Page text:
Morocco copes with economic fallout of COVID-19

Moroccan Prime Minister Saad Eddine El Othmani said the country had taken unprecedented and forward-looking steps.
Sunday 05/04/2020
A 2019 file picture shows Bank Al-Maghrib Governor Abdellatif Jouahri speaking during a news conference in Rabat. (Reuters) 
Limiting damage. A 2019 file picture shows Bank Al-Maghrib Governor Abdellatif Jouahri speaking during a news conference in Rabat. (Reuters) 

RABAT--Bank Al-Maghrib Governor Abdellatif Jouahri announced new measures that allow Morocco’s central bank to triple resupply of funds to local banks to counter the effects of the COVID-19 outbreak.

He said the measures would allow banks to use all refinancing methods in local and foreign currencies and for the central bank to expand the range of bonds and securities it would accept in exchange for refinancing and extend deadlines on refinancing.

Bank Al-Maghrib said the steps include strengthening its programme for refinancing micro, small and medium-sized projects by merging operational loans and investment loans and increasing the pace of refinancing.

The Moroccan Ministry of Industry, Trade and Green and Digital Economy introduced a programme to support investments in manufacturing products and equipment destined for fighting the coronavirus pandemic.

This programme would help revive these companies with about 30% of the total investment package needed.

The targeted projects include companies manufacturing sterilising liquids, face masks and medical vests, aseptic suits, surface cleaning solutions, medical sterilisation equipment and first aid items.

Jouahri said the central bank had instituted procedures to support credit institutions, including requirements for liquidity, self-financing and debt allocations to help companies support families and enterprises during the crisis.

He acknowledged the pandemic would have major repercussions on the global economy, including in Morocco, and stressed the government's commitment to track the effects on the economy and financial system and taking the necessary initiatives to address them.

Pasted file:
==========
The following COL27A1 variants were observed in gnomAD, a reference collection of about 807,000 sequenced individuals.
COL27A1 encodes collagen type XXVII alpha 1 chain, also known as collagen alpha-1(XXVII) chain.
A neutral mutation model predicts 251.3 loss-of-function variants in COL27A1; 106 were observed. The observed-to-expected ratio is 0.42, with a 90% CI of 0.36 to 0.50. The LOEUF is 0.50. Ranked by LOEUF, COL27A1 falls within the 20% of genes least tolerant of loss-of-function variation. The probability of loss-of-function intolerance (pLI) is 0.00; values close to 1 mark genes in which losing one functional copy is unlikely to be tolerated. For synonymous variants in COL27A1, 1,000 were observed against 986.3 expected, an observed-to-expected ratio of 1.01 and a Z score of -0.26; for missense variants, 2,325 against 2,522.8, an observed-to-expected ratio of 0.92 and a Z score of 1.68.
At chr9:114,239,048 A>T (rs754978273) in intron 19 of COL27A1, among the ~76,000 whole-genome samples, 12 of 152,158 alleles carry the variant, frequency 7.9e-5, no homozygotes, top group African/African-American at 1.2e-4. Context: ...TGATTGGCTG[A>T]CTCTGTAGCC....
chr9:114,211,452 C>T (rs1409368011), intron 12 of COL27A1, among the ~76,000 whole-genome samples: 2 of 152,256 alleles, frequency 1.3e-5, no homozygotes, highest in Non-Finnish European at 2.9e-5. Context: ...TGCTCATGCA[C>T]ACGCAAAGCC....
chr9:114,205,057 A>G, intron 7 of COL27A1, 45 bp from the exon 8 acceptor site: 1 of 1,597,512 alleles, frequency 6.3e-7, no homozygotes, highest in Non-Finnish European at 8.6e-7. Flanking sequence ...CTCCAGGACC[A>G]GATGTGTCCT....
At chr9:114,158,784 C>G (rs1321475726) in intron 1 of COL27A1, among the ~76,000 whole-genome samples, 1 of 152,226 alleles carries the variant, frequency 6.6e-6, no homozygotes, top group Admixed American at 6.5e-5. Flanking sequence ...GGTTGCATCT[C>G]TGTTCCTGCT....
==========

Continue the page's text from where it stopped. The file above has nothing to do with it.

Moroccan Prime Minister Saad Eddine El Othmani said the country had taken unprecedented and forward-looking steps since the beginning of the pandemic.

The government offered financial support for families working in the informal sector. The Economic Vigilance Committee started by focusing on measures to support the informal sector affected by generalised quarantine.

The Ministry of Economy said families consisting of two individuals or less would receive about $80 a month, those with three or four individuals $100 and families with more than four members would receive $120.

The government, the Social Security Fund and the General Union of Moroccan Contractors (the representative of the private sector) signed an agreement detailing support measures to sectors affected by the coronavirus pandemic.

All employees registered with the Social Security Fund, including people from the fishing sector and those suspended from work because of the pandemic, would receive $200 a month each in addition to reimbursement for medical expenses for those in the compulsory health insurance system.

The agreement states that compulsory contributions to the Social Security Fund would be suspended until June 30. The agreement could be extended, depending on the coronavirus-related situation in the country.

The Moroccan Centre for Economic Conditions said the measures announced by the government were appropriate for preventing many companies from going bankrupt and for preserving jobs. The centre pointed out that the real estate and food industries were among sectors hit the hardest by the pandemic.

The Economic Vigilance Committee established measures to aid medium and small companies from economic crises and prevent the collapse of banking transactions to maintain confidence in the economy.

The committee suspended the March 31 tax deadline and ordered banks to stop automatic deductions of loan payments for businesses and individuals affected by the crisis. Tax auditing and reviews were suspended and there were moves towards establishing a fund to support affected sectors.

The Professional Group of Moroccan Banks is allowing individuals and businesses to postpone payment of loan instalments for three months upon written request with the possibility of the grace period being extended for three additional months.

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